Hong Kong, 22 September 1997 (RFE/RL) - Malaysia's outspoken and colorful Prime Minister Mahathir Mohamad set the global financial community on its ear in Hong Kong on the weekend when he blamed currency traders, the global financial institutions, and certain rich countries with conspiring to keep developing nations poor.
Speaking to a forum sponsored by the International Monetary Fund (IMF) and the World Bank as part of the lead-up to their formal annual meetings, Mahathir said the developing nations in East Asia have been aiming high to raise the living standards of their people but that "the old beggar-thy-neighbor instinct is still around, is still the guiding principle of a group of ultra-rich people."
He said Malaysia and its neighbors listened to all the advice to open markets, permit foreign currency traders to operate, even stayed away from big projects of needed infrastructure.
The result, he said, is that currency speculators are "becoming very, very rich through making other people poorer," and he urged that this "unnecessary, unproductive and totally immoral" activity be made illegal.
Currency trading, he said, should only be allowed to conduct real trade between nations and for real investment a countr's economy.
U.S. Treasury Secretary Robert Rubin, who was a currency trader and speculator before joining the American government, declined to react directly to Mahathir's comments, but said that as a general rule currency speculation is an "integral part" of the global economy.
Virtually unnoticed in Mahathir's remarks were his comments that perhaps Malaysia can serve as a better example than North America or West Europe for all the former communist nations looking to develop market economies.
The centrally-planned system had always seemed easier, he said, but "we all know socialism and communism failed." Still, when these nations now look to the U.S. and the EU (European Union) they "feel that the free market economy is beyond their capacity to manage."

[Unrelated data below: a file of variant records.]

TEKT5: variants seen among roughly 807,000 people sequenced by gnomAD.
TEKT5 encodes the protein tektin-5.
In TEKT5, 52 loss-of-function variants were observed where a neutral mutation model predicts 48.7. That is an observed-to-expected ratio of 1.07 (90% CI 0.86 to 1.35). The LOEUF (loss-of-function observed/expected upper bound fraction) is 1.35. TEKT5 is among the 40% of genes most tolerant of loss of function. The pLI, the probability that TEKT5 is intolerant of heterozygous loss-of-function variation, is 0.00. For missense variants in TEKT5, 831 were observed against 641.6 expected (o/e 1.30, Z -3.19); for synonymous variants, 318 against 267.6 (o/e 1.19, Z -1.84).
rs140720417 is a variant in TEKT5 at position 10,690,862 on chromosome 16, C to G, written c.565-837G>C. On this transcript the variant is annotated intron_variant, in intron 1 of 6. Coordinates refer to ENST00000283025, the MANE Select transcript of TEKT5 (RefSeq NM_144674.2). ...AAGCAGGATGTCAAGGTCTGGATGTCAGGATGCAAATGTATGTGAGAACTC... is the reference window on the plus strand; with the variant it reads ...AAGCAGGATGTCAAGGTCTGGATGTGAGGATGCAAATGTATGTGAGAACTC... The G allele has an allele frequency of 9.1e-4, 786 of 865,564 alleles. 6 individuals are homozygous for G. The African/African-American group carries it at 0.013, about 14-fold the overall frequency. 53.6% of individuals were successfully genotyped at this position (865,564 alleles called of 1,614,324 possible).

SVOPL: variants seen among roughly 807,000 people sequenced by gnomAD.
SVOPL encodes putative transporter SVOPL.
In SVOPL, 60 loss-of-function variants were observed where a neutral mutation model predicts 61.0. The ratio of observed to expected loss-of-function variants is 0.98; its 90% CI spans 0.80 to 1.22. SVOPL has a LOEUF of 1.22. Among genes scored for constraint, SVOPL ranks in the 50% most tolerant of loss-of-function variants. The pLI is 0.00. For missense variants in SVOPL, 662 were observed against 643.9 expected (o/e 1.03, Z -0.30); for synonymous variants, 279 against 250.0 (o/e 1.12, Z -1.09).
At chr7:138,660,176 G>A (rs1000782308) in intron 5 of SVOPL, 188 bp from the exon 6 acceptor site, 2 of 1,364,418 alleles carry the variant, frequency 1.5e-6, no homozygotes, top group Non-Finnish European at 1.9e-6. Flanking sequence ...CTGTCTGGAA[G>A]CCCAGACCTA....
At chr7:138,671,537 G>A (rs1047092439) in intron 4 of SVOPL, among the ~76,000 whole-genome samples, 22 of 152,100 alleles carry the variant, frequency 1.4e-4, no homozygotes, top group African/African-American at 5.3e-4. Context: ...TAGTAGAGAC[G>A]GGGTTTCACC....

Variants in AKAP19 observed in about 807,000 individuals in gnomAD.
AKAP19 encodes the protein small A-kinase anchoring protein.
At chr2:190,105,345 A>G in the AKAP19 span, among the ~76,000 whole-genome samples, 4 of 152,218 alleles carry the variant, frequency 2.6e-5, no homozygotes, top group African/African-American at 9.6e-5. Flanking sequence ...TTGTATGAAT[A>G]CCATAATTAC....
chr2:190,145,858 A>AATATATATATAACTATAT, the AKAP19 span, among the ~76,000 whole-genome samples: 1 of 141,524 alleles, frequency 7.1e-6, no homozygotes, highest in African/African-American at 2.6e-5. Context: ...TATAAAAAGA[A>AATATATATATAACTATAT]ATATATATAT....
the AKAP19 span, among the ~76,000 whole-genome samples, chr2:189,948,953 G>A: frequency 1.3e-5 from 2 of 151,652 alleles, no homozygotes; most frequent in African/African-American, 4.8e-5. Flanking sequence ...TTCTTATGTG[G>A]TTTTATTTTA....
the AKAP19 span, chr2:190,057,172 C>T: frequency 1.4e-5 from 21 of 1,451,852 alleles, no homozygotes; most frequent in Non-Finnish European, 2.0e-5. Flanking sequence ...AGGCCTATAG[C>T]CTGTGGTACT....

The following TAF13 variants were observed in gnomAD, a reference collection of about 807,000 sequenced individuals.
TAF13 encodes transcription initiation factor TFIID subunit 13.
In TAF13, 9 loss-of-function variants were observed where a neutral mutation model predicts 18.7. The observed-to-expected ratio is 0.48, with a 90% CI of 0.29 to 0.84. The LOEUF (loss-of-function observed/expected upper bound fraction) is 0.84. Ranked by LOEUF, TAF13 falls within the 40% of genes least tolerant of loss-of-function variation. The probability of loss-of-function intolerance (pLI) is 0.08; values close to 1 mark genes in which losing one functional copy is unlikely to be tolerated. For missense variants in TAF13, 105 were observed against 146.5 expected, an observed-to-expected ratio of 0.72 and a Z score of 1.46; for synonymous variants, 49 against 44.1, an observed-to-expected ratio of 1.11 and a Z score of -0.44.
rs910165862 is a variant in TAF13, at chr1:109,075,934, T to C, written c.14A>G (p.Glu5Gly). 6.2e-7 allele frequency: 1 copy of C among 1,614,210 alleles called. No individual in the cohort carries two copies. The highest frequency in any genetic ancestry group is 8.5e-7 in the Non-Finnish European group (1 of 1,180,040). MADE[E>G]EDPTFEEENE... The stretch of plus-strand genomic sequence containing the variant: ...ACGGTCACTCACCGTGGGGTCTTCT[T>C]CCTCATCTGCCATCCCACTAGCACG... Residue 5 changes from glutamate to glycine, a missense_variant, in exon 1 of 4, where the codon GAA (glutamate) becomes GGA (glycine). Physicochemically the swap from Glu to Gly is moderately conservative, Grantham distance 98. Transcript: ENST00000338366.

When the former communist countries see a country like Malaysia, a former colony of Britain, 40 years ago very much like them, said the prime minister, "they feel more confident that they can do the same."
Malaysia and its developing neighbors have not been able to spend as much money as the rich aid-giving countries to help Central Asian countries, he said, but they can be more effective.
One thing needed is to find ways to link all the nations of Asia, including Central Asia, in ways that will build the prosperity of all.
"We like to think big," he said. "We even have great ideas for bringing wealth to other developing countries."
Among his ideas is to link the railways of China, the Central Asian nations and East and Central Europe.
"Central Asia is landlocked and cannot develop because of that," he said. "Why cannot an ultra-wide gauge railway with trains of two kilometres be built, to move goods in and out of the Central Asian Republics?"
The Malaysian Prime Minister says with a rail link like that, the Central Asian nations "can prosper and the world will have another big market."
The always controversial Mahathir's remarks on the global rich people caused an uproar in Hong Kong where financial leaders from around the world are gathering. But it was almost impossible to find anyone who had heard his remarks on linking Asia.